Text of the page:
How do the UK's international students feel about being treated like shit?

How do the UK's international students feel about being treated like shit?

Cold eyes on campus? — As Britain's Home Secretary announces tough new proposals for restrictions on overseas students, we ask international students in London if they still feel welcome in the UK.

On a fresh Autumn afternoon, Bloomsbury in Central London is heaving with students. It’s just after Freshers week, and there are lots of nervous new, expectant faces adapting to student life, in a new city or even a new country – thousands of miles from home.

With its collection of world class universities and students from across the globe, the UK is one of the most sought-after destinations for international students.

But the atmosphere for foreign students looks set to become far less welcoming after Home Secretary Amber Rudd announced major new proposals for restrictions on overseas students, including two-tier visa rules affecting less prestigious courses and universities, and a renewed crackdown on work visas.

As the Tory government continues to embrace xenophobia and divisive politics, their drive to reduce the numbers of overseas students from outside Europe (and possibly inside post-Brexit), who account for 167,000 of the 600,000 new migrants to the UK each year, continues.

Universities have condemned moves to restrict who can study here and want to keep the doors open to international students, in part because they increasingly rely on the huge fees they pay, following huge government cuts to higher education funding. There’s been an outcry from student groups and anyone who can see that demonisation of migrants is dangerous too.

In light of Rudd’s announcement, negative rhetoric towards migrants and a rise in xenophobic attacks since the Brexit vote in June, do London’s international students still feel the UK is an attractive choice?

Eugenia, Anthropology student from Singapore


Studying in the UK is almost like a right of passage. It’s UK or bust. Or London or bust. If you don’t go to a London school, it’s like you haven’t made it in life. Dead serious. I also went through a British system so it made more sense. I didn’t want to do four years of college [in the US] and spend one year doing nothing… but I’m regretting it because of the weather.

Not being able to work afterwards definitely puts international students off studying here, I know that for a fact. Restricting access to overseas students is over the top and it’s just killing yourself slowly, because it’s like a death sentence. There are one million students here from overseas. If you cut those numbers down, you’re going to cut down on your source of income. And it would make uni so boring.

Wei Han Lim, Physics, Malaysian but living in Hong Kong

Wei-Han-LimFor me, I wouldn’t say the UK is an attractive place to study but London is, because it’s truly an international hub. Walk around UCL or walk around London and you see people of every single colour, every single race. It’s really nice as a melting pot.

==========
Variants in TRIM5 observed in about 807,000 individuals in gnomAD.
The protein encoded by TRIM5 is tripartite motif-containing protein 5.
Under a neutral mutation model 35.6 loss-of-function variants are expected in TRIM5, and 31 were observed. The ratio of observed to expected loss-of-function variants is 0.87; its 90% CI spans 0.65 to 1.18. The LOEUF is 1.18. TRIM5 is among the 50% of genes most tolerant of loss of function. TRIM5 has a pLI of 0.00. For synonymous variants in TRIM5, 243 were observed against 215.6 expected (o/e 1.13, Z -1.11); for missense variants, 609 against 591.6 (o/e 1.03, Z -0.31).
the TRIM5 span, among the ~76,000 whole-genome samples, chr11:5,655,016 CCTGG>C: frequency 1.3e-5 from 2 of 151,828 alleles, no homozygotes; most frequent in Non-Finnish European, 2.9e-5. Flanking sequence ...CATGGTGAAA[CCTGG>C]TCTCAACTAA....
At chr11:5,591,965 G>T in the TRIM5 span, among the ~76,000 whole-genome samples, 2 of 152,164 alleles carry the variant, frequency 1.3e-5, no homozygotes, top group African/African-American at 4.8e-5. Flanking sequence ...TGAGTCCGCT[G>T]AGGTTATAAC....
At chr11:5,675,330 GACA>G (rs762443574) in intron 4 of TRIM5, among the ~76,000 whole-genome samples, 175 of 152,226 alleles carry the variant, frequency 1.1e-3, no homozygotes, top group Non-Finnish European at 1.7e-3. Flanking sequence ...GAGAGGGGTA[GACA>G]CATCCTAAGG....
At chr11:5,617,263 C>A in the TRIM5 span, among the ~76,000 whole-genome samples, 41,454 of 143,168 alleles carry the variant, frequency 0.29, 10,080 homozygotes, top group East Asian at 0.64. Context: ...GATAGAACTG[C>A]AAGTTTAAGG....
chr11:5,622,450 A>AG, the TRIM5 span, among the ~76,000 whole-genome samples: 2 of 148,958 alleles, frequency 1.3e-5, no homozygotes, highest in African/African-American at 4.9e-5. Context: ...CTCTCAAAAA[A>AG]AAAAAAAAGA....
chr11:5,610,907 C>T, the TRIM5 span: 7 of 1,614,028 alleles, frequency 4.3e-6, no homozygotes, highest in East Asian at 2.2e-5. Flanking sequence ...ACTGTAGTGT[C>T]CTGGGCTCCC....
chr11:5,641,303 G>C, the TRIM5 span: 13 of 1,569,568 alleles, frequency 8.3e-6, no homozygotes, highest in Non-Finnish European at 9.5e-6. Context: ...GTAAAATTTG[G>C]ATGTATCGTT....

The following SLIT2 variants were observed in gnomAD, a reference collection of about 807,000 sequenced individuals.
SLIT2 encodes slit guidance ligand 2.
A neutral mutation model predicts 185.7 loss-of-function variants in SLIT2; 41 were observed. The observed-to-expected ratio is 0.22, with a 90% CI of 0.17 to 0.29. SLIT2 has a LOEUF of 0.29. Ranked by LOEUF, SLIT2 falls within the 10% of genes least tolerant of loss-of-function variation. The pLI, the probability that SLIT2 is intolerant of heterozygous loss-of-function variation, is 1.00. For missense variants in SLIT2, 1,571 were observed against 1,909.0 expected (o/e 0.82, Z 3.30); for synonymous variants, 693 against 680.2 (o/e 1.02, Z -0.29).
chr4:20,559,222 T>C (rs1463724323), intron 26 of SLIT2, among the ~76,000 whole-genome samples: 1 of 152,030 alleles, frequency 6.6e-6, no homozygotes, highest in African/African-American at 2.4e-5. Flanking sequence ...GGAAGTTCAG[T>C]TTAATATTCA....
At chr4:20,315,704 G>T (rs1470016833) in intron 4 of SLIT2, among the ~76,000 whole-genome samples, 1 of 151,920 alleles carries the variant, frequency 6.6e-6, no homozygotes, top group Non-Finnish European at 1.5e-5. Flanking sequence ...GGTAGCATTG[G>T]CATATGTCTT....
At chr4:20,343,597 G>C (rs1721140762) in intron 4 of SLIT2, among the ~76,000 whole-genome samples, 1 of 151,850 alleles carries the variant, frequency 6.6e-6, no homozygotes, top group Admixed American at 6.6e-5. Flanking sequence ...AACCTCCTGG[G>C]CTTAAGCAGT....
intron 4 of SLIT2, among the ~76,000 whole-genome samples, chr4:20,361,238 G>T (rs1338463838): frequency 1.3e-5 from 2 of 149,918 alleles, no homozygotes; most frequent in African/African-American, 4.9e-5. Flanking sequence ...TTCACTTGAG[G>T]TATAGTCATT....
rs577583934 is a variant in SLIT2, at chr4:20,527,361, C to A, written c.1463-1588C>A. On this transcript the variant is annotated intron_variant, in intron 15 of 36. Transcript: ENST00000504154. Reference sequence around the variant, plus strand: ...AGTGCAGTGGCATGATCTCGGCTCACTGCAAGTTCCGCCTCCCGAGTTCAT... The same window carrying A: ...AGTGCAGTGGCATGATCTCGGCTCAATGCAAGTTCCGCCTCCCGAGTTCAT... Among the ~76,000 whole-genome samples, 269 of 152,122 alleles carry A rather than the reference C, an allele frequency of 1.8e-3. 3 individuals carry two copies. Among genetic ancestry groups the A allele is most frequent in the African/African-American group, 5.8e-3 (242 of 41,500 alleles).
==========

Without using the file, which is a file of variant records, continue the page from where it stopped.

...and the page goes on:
I really want to stay in London and work but after Brexit happened, my plans seem a lot less clear. London might not be the right international hub to choose, so maybe moving New York or back to Hong Kong would be better.

Khadija, Law student from Pakistan (pictured top)

I wanted to study here because my father graduated from LSE and Pakistan’s legal traditions are very similar to the UK, so I would prefer a UK degree over one from Pakistan – even though I plan to work there.

I love the weather. I love the fact that it’s so diverse and I have met all kinds of people here. If all the international people were to be prevented from coming to SOAS, I don’t think I’d be that interested in studying here. It’s also about the experience, as well as the degree. There wouldn’t be any point coming here if there were no international students.

Farhan, Mechanical Engineering student from Malaysia


I chose the UK because it’s among the best places to study in the world. I really like the culture here, it’s so different to Malaysia. People are very respectful towards one another and they obey the rules. The terms of my sponsorship say I have to go back to work in Malaysia, so I doubt I will work here after studying.

There are a lot of outsiders in London so we haven’t felt any change. But I have friends at home who are afraid of coming to study here now because of Brexit, because of the racism and the anti-immigrant feeling. We hear about this at home but we’ve never felt anything negative here.

Camilia Fontana, Politics and Economics; Salome Roy, Politics and International Relations and Juliane Bigot, Politics and International Relations, from France


Juliane: SOAS is the only reason I’m staying in London. I hate London, I hate Britain and SOAS is the closest thing that looks like home to me. I couldn’t be without it. I love the open-minded people that are here, the chilledness and people just being awesome. It’s rare to see so many people from so many backgrounds who have lived what I’ve lived, going everywhere and living around the world. You can learn so much from everyone – and you don’t get that at other unis.

Salome: We have the opportunity to live in this world where we see different cultures all around us. Right now we can see people from all over the world, right here. It’s a great opportunity and we shouldn’t close this.

Camilia: I think this is the future. SOAS should be the model for the future everywhere. Having people that are open to difference.

Juliane: We’re networking while we’re studying, which is so weird. There are so many opportunities and people get involved in so much, from student societies to fighting against injustice.

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